If I was arrested for resisting without violence for failure to provide my ID to an officer, how is that resisting when I hadn’t even been placed under arrest yet?

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If I was arrested for resisting without violence for failure to provide my ID to an officer, how is that resisting when I hadn’t even been placed under arrest yet?

At the time the officer was asking for my identification, I was asking for clarification as to why she needed my identification. She then cuffed me, put me in the car and processed me through the local facility. I have a court date set for 1 week from now. I don’t believe I did anything wrong but don’t want to spend a lot of money on an attorney.

Asked on February 13, 2012 under Criminal Law, Florida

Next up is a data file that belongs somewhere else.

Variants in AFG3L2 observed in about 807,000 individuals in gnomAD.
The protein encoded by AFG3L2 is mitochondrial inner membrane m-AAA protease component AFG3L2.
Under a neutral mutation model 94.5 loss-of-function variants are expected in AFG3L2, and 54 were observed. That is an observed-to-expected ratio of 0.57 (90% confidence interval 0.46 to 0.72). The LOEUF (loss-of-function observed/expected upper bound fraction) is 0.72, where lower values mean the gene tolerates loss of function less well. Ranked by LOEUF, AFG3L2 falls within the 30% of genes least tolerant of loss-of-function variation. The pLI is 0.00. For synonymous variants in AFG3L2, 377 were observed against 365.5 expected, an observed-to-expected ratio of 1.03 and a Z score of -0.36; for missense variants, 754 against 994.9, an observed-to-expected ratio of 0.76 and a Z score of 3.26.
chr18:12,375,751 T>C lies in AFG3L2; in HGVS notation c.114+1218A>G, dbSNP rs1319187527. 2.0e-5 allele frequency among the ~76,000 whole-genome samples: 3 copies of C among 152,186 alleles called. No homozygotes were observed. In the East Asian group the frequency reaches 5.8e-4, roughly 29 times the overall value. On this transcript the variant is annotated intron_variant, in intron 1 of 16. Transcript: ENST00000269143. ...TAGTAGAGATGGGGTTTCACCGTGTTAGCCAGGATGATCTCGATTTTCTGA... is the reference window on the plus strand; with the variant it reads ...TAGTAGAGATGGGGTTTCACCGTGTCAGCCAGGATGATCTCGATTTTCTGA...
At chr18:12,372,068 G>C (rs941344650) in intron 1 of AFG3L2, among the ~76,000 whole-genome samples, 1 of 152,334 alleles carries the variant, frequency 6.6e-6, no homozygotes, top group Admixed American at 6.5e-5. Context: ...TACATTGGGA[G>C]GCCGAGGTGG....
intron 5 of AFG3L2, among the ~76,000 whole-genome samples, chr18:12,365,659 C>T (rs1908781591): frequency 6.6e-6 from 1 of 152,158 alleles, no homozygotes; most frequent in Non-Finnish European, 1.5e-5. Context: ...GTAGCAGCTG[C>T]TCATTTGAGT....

Answers:

FreeAdvice Contributing Attorney / FreeAdvice Contributing Attorney

Answered 9 years ago | Contributor

Under the legal system, the alleged crime occurs before the arrest is made. In your case, it seems that you were failed to provide identification to a police officer when asked. This conduct lead for the officer's need to arrest you for that crime. You then resisted being arrested leading to the second charge against you.

I suggest that you consult with a criminal defense attorney about the situation you have written about.


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